After all, what are the gigantic farm subsidies Trump granted to maintain rural support for his candidacy but a form of socialism? What about all the tax breaks and subsidies to giant corporations to keep them doing business in the U.S.? Republicans decry welfare to poor individuals, but they say nothing against the rampant corporate welfare that occurs in this country.

The other day I was reading a book set in Poland during World War II. In a chilling scene,  SS officers ruthlessly separate children from their families to be sent off to concentration camps. It reminded me of the immigration policy of a certain current president. But I won’t call Trump a Nazi, despite his love of dictators and predilection toward authoritarianism.

So let’s can it with the comparisons to Hugo Chavez and the boogeyman word “socialist.” Let Democrats and Republicans debate national policy ideas on their merits, and allow the American electorate to decide what they want for their future without resorting to scare tactics and ad hominem attacks.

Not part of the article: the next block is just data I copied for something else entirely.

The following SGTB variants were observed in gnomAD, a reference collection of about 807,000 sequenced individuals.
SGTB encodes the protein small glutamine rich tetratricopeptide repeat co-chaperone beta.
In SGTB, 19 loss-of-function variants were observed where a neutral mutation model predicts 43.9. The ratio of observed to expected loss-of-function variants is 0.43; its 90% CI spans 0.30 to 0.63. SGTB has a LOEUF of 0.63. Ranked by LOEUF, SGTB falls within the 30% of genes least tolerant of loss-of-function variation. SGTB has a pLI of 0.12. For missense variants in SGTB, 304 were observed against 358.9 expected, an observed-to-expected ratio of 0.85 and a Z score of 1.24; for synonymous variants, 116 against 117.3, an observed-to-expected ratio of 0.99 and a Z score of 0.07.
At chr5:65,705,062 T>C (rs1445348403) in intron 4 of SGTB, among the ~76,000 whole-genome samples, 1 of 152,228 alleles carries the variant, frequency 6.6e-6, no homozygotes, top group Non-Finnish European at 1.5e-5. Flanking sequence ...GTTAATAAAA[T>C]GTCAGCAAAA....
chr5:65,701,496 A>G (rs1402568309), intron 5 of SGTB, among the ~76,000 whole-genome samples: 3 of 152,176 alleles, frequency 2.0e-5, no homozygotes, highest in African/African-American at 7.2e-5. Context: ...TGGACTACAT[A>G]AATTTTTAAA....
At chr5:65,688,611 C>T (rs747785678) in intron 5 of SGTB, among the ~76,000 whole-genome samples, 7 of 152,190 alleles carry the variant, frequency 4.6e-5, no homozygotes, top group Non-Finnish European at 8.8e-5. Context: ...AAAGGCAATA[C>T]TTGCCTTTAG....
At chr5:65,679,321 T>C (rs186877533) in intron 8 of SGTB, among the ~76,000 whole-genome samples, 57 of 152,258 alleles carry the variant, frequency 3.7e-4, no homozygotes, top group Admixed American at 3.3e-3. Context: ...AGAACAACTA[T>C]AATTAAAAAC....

Divided We Fall

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Aretha L. Franklin, President George W. BushThe news that Aretha Franklin died this week created an outpouring of tribute on social media. Everyone posted articles, photos, videos of performances – all honoring the Queen of Soul. It was heartening to me to see, for one brief moment, a meeting of hearts and minds on a subject.

In our divided country, you can’t even talk about the weather without potentially getting into a fraught argument over climate change. Everything from the Robert Mueller investigation of Russian collusion to the prospect of NFL players taking to their knees in protest this fall is cause for anger and vitriol.